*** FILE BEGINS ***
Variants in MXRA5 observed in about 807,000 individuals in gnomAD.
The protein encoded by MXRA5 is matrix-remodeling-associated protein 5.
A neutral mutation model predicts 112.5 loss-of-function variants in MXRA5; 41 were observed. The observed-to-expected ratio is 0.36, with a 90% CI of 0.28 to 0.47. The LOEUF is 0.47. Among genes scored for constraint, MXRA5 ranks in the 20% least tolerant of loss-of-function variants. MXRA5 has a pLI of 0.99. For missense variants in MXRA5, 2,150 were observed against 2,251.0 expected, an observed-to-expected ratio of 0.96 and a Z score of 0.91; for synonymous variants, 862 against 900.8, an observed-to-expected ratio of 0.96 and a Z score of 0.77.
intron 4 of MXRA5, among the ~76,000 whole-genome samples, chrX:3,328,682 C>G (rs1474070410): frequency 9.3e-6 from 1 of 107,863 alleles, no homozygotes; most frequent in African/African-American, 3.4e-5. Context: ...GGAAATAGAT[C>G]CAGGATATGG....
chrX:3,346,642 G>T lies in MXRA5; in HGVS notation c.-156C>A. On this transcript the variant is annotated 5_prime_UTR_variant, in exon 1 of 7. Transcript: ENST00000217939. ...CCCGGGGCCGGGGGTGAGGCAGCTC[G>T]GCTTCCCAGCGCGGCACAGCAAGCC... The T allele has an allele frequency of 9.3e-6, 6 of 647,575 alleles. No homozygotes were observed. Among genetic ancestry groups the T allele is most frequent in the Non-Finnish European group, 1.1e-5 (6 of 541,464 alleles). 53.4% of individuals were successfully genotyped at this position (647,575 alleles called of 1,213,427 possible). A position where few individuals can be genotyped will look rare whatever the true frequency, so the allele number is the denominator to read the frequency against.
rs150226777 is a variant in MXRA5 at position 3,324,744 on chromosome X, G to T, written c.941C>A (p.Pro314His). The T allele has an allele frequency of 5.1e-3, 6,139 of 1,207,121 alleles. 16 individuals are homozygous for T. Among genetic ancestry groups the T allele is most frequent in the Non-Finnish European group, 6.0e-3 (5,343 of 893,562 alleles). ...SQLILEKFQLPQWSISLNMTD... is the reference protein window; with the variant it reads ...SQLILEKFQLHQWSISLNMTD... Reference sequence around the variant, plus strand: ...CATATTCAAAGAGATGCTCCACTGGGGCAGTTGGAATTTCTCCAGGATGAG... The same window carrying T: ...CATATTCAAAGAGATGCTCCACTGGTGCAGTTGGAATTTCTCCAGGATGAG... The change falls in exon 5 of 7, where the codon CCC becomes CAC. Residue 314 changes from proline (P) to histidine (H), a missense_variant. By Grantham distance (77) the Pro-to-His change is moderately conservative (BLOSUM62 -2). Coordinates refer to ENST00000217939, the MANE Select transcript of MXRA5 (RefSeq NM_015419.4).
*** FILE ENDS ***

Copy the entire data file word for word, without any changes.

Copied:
Variants in MXRA5 observed in about 807,000 individuals in gnomAD.
The protein encoded by MXRA5 is matrix-remodeling-associated protein 5.
A neutral mutation model predicts 112.5 loss-of-function variants in MXRA5; 41 were observed. The observed-to-expected ratio is 0.36, with a 90% CI of 0.28 to 0.47. The LOEUF is 0.47. Among genes scored for constraint, MXRA5 ranks in the 20% least tolerant of loss-of-function variants. MXRA5 has a pLI of 0.99. For missense variants in MXRA5, 2,150 were observed against 2,251.0 expected, an observed-to-expected ratio of 0.96 and a Z score of 0.91; for synonymous variants, 862 against 900.8, an observed-to-expected ratio of 0.96 and a Z score of 0.77.
intron 4 of MXRA5, among the ~76,000 whole-genome samples, chrX:3,328,682 C>G (rs1474070410): frequency 9.3e-6 from 1 of 107,863 alleles, no homozygotes; most frequent in African/African-American, 3.4e-5. Context: ...GGAAATAGAT[C>G]CAGGATATGG....
chrX:3,346,642 G>T lies in MXRA5; in HGVS notation c.-156C>A. On this transcript the variant is annotated 5_prime_UTR_variant, in exon 1 of 7. Transcript: ENST00000217939. ...CCCGGGGCCGGGGGTGAGGCAGCTC[G>T]GCTTCCCAGCGCGGCACAGCAAGCC... The T allele has an allele frequency of 9.3e-6, 6 of 647,575 alleles. No homozygotes were observed. Among genetic ancestry groups the T allele is most frequent in the Non-Finnish European group, 1.1e-5 (6 of 541,464 alleles). 53.4% of individuals were successfully genotyped at this position (647,575 alleles called of 1,213,427 possible). A position where few individuals can be genotyped will look rare whatever the true frequency, so the allele number is the denominator to read the frequency against.
rs150226777 is a variant in MXRA5 at position 3,324,744 on chromosome X, G to T, written c.941C>A (p.Pro314His). The T allele has an allele frequency of 5.1e-3, 6,139 of 1,207,121 alleles. 16 individuals are homozygous for T. Among genetic ancestry groups the T allele is most frequent in the Non-Finnish European group, 6.0e-3 (5,343 of 893,562 alleles). ...SQLILEKFQLPQWSISLNMTD... is the reference protein window; with the variant it reads ...SQLILEKFQLHQWSISLNMTD... Reference sequence around the variant, plus strand: ...CATATTCAAAGAGATGCTCCACTGGGGCAGTTGGAATTTCTCCAGGATGAG... The same window carrying T: ...CATATTCAAAGAGATGCTCCACTGGTGCAGTTGGAATTTCTCCAGGATGAG... The change falls in exon 5 of 7, where the codon CCC becomes CAC. Residue 314 changes from proline (P) to histidine (H), a missense_variant. By Grantham distance (77) the Pro-to-His change is moderately conservative (BLOSUM62 -2). Coordinates refer to ENST00000217939, the MANE Select transcript of MXRA5 (RefSeq NM_015419.4).